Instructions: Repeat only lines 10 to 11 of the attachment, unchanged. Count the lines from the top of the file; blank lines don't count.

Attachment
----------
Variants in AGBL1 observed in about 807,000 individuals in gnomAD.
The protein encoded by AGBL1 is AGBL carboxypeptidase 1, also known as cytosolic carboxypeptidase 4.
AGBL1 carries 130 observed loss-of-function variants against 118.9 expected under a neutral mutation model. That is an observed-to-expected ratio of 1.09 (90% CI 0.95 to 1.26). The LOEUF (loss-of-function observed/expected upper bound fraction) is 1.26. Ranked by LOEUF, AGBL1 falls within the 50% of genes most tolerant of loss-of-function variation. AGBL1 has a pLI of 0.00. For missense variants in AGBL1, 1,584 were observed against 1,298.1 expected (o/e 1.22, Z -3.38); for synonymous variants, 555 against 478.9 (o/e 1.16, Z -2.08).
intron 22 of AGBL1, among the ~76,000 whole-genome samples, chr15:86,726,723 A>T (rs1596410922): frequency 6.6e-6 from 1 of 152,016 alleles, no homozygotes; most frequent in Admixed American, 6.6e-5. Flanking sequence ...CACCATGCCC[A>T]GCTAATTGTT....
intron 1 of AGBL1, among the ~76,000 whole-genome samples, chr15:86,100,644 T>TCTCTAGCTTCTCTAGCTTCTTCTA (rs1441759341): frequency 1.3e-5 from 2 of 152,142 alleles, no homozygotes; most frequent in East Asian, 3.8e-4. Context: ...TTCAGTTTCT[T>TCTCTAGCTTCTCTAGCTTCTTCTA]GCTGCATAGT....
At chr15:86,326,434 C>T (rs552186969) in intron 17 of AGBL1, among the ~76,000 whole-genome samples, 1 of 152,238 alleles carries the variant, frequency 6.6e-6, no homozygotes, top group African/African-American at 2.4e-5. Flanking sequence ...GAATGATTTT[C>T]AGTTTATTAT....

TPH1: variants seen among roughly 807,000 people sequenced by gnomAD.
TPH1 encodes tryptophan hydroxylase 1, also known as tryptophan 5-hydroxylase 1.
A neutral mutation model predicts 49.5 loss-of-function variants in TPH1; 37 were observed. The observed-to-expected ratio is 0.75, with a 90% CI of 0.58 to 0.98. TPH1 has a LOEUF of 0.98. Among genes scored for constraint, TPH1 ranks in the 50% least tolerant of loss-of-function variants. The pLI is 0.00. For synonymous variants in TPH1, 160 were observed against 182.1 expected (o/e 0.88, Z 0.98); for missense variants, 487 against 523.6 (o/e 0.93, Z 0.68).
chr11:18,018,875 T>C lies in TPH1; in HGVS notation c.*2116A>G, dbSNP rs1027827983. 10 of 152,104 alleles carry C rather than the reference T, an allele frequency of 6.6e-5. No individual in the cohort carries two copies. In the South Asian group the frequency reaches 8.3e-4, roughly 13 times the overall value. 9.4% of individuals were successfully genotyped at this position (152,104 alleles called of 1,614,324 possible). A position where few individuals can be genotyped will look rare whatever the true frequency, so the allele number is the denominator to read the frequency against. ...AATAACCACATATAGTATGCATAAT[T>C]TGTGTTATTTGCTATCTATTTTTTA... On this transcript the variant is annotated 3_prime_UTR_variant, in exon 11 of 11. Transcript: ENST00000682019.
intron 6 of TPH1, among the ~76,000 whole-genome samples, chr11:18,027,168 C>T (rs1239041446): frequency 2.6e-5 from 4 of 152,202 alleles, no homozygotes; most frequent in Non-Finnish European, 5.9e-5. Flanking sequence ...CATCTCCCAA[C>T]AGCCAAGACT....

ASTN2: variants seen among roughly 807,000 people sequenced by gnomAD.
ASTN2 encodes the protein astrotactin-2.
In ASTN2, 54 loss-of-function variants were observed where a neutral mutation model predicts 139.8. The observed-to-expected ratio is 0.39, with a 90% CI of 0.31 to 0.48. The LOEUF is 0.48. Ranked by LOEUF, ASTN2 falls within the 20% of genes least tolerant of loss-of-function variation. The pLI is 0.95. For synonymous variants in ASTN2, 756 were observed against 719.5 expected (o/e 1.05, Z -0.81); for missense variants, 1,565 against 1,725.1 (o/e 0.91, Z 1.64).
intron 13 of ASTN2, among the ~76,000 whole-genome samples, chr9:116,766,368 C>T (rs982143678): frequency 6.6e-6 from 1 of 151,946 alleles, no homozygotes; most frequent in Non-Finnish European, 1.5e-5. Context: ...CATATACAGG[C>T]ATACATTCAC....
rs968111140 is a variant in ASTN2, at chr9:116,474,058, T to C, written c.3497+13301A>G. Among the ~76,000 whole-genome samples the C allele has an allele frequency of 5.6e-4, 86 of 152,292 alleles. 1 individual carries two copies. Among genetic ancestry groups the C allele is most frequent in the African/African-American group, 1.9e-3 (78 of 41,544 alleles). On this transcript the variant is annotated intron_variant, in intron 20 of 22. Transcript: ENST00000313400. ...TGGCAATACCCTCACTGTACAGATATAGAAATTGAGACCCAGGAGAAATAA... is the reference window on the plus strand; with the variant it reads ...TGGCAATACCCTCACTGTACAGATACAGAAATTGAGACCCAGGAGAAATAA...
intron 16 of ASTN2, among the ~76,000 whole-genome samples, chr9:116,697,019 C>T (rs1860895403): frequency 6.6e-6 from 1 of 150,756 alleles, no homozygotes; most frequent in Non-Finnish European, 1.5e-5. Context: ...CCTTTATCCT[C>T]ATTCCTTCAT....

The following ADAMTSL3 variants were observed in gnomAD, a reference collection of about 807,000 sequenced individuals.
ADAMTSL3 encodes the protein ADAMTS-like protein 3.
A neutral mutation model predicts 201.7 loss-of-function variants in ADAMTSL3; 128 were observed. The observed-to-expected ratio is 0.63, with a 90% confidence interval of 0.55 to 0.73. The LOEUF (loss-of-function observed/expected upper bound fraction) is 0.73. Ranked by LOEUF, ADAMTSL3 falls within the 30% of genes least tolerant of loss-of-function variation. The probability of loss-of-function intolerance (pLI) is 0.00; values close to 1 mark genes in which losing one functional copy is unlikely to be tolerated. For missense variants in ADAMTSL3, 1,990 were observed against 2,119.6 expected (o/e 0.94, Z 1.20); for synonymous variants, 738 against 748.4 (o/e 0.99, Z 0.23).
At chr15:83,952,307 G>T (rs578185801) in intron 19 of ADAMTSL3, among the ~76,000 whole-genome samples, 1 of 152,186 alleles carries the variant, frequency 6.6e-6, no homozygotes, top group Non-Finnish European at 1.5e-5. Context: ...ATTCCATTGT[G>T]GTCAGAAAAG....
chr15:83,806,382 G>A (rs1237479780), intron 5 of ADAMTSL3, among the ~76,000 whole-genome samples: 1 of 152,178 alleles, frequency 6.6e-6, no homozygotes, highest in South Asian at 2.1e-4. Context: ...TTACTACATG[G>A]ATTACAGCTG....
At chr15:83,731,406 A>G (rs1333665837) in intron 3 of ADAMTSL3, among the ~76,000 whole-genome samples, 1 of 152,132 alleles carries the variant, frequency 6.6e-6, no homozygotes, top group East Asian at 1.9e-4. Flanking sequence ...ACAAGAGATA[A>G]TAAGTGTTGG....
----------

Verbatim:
chr11:18,018,875 T>C lies in TPH1; in HGVS notation c.*2116A>G, dbSNP rs1027827983. 10 of 152,104 alleles carry C rather than the reference T, an allele frequency of 6.6e-5. No individual in the cohort carries two copies. In the South Asian group the frequency reaches 8.3e-4, roughly 13 times the overall value. 9.4% of individuals were successfully genotyped at this position (152,104 alleles called of 1,614,324 possible). A position where few individuals can be genotyped will look rare whatever the true frequency, so the allele number is the denominator to read the frequency against. ...AATAACCACATATAGTATGCATAAT[T>C]TGTGTTATTTGCTATCTATTTTTTA... On this transcript the variant is annotated 3_prime_UTR_variant, in exon 11 of 11. Transcript: ENST00000682019.
intron 6 of TPH1, among the ~76,000 whole-genome samples, chr11:18,027,168 C>T (rs1239041446): frequency 2.6e-5 from 4 of 152,202 alleles, no homozygotes; most frequent in Non-Finnish European, 5.9e-5. Flanking sequence ...CATCTCCCAA[C>T]AGCCAAGACT....